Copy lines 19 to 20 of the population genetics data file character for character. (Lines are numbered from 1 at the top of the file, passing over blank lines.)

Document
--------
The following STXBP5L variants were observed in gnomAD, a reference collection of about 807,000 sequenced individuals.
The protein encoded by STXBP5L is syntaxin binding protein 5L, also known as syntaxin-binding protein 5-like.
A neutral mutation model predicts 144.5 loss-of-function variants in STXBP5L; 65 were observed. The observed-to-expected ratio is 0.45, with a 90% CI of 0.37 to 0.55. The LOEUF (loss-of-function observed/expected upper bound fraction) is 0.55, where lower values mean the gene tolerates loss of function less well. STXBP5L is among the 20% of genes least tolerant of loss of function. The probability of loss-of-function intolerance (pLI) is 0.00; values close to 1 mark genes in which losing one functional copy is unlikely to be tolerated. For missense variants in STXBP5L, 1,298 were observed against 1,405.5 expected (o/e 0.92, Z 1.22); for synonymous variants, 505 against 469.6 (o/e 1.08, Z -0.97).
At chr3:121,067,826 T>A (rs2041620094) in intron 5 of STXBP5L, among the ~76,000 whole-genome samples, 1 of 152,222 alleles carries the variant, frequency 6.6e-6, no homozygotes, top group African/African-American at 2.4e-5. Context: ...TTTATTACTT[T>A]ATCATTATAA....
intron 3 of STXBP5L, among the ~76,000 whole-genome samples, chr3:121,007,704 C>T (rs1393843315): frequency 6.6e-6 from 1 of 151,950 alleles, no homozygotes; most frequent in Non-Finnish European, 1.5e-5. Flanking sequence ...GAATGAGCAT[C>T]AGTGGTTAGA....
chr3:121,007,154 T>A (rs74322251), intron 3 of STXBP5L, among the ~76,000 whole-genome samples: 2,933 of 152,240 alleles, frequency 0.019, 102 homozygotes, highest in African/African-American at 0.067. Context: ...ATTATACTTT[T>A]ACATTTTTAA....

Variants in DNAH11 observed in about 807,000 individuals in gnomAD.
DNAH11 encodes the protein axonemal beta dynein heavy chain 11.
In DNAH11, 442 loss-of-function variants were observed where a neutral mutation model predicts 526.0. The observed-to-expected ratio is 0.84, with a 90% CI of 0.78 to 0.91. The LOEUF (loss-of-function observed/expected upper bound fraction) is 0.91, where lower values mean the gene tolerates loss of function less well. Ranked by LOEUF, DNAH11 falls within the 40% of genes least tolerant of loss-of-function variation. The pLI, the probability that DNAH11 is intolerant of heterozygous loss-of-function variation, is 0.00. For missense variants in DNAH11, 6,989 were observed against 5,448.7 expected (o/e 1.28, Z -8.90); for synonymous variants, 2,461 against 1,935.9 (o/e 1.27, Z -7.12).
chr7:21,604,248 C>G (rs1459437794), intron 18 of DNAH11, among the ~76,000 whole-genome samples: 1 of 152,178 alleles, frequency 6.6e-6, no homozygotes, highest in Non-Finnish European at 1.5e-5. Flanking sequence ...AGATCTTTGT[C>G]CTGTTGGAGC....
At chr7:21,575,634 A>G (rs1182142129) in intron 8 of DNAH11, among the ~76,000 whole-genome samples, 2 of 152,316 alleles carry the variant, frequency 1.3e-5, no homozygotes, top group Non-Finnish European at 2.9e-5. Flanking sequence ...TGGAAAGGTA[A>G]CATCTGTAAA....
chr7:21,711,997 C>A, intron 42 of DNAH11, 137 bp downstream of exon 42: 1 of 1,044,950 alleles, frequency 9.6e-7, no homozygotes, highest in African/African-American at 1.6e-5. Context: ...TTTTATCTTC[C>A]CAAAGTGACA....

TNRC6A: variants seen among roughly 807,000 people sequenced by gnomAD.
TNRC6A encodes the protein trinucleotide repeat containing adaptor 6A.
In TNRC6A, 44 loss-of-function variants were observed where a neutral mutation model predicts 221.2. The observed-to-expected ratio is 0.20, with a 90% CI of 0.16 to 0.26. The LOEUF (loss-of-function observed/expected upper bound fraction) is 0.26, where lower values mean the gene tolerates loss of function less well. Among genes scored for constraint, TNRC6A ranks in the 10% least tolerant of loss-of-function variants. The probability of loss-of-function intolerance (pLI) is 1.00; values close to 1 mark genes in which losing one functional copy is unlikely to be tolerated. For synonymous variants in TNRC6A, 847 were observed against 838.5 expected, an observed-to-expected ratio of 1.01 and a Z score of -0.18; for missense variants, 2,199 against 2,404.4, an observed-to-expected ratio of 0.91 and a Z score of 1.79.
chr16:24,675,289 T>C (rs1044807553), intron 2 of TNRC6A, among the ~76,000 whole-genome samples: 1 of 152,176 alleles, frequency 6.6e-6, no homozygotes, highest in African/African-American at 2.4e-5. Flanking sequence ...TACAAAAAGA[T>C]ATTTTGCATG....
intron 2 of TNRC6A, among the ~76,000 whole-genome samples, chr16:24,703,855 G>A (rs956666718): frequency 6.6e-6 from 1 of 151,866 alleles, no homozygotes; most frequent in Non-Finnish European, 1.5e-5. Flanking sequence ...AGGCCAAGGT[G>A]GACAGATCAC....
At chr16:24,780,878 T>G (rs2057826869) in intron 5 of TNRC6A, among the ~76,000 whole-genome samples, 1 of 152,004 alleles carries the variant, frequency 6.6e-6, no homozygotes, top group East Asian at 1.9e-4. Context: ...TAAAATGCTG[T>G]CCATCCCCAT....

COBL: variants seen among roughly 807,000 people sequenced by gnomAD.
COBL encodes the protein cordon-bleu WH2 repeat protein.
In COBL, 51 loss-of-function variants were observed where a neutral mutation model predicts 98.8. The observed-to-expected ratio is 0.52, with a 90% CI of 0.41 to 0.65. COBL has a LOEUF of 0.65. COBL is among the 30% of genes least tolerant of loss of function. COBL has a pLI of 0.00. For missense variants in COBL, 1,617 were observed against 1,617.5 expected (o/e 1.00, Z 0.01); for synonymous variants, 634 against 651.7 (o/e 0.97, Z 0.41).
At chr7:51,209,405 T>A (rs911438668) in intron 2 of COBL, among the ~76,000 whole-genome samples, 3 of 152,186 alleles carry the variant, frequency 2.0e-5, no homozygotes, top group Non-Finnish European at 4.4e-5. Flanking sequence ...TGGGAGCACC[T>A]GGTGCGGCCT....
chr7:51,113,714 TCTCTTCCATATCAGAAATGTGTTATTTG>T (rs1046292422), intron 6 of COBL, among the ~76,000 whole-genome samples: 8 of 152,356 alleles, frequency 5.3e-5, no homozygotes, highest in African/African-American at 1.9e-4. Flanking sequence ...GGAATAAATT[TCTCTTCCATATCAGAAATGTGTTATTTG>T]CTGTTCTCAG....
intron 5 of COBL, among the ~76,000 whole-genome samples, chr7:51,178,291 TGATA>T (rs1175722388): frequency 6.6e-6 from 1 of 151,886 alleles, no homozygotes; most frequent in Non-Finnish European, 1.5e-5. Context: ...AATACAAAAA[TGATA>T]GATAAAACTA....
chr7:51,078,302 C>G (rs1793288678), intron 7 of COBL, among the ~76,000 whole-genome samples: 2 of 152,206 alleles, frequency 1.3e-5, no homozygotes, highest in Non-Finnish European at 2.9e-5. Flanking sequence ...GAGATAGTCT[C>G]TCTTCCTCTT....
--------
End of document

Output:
COBL: variants seen among roughly 807,000 people sequenced by gnomAD.
COBL encodes the protein cordon-bleu WH2 repeat protein.